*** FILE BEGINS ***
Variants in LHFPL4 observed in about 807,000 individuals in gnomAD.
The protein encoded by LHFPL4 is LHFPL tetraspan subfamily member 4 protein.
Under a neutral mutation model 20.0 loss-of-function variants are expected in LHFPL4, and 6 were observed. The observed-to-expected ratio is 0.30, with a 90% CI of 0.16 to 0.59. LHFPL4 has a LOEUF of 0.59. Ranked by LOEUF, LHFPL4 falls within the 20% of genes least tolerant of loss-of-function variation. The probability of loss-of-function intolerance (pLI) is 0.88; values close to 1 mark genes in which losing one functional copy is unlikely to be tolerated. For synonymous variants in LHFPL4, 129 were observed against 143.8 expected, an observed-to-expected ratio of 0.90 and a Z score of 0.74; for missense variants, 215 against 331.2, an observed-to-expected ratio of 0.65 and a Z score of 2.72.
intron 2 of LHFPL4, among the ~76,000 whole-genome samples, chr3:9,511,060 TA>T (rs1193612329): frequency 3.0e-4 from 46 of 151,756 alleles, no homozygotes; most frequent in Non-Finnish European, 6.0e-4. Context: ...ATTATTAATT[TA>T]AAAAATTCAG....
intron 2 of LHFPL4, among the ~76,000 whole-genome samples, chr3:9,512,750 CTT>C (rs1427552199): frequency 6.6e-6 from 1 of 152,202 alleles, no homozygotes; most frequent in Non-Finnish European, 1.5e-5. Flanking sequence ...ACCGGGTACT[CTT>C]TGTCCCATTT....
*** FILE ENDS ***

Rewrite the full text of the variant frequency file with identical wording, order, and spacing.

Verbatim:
Variants in LHFPL4 observed in about 807,000 individuals in gnomAD.
The protein encoded by LHFPL4 is LHFPL tetraspan subfamily member 4 protein.
Under a neutral mutation model 20.0 loss-of-function variants are expected in LHFPL4, and 6 were observed. The observed-to-expected ratio is 0.30, with a 90% CI of 0.16 to 0.59. LHFPL4 has a LOEUF of 0.59. Ranked by LOEUF, LHFPL4 falls within the 20% of genes least tolerant of loss-of-function variation. The probability of loss-of-function intolerance (pLI) is 0.88; values close to 1 mark genes in which losing one functional copy is unlikely to be tolerated. For synonymous variants in LHFPL4, 129 were observed against 143.8 expected, an observed-to-expected ratio of 0.90 and a Z score of 0.74; for missense variants, 215 against 331.2, an observed-to-expected ratio of 0.65 and a Z score of 2.72.
intron 2 of LHFPL4, among the ~76,000 whole-genome samples, chr3:9,511,060 TA>T (rs1193612329): frequency 3.0e-4 from 46 of 151,756 alleles, no homozygotes; most frequent in Non-Finnish European, 6.0e-4. Context: ...ATTATTAATT[TA>T]AAAAATTCAG....
intron 2 of LHFPL4, among the ~76,000 whole-genome samples, chr3:9,512,750 CTT>C (rs1427552199): frequency 6.6e-6 from 1 of 152,202 alleles, no homozygotes; most frequent in Non-Finnish European, 1.5e-5. Flanking sequence ...ACCGGGTACT[CTT>C]TGTCCCATTT....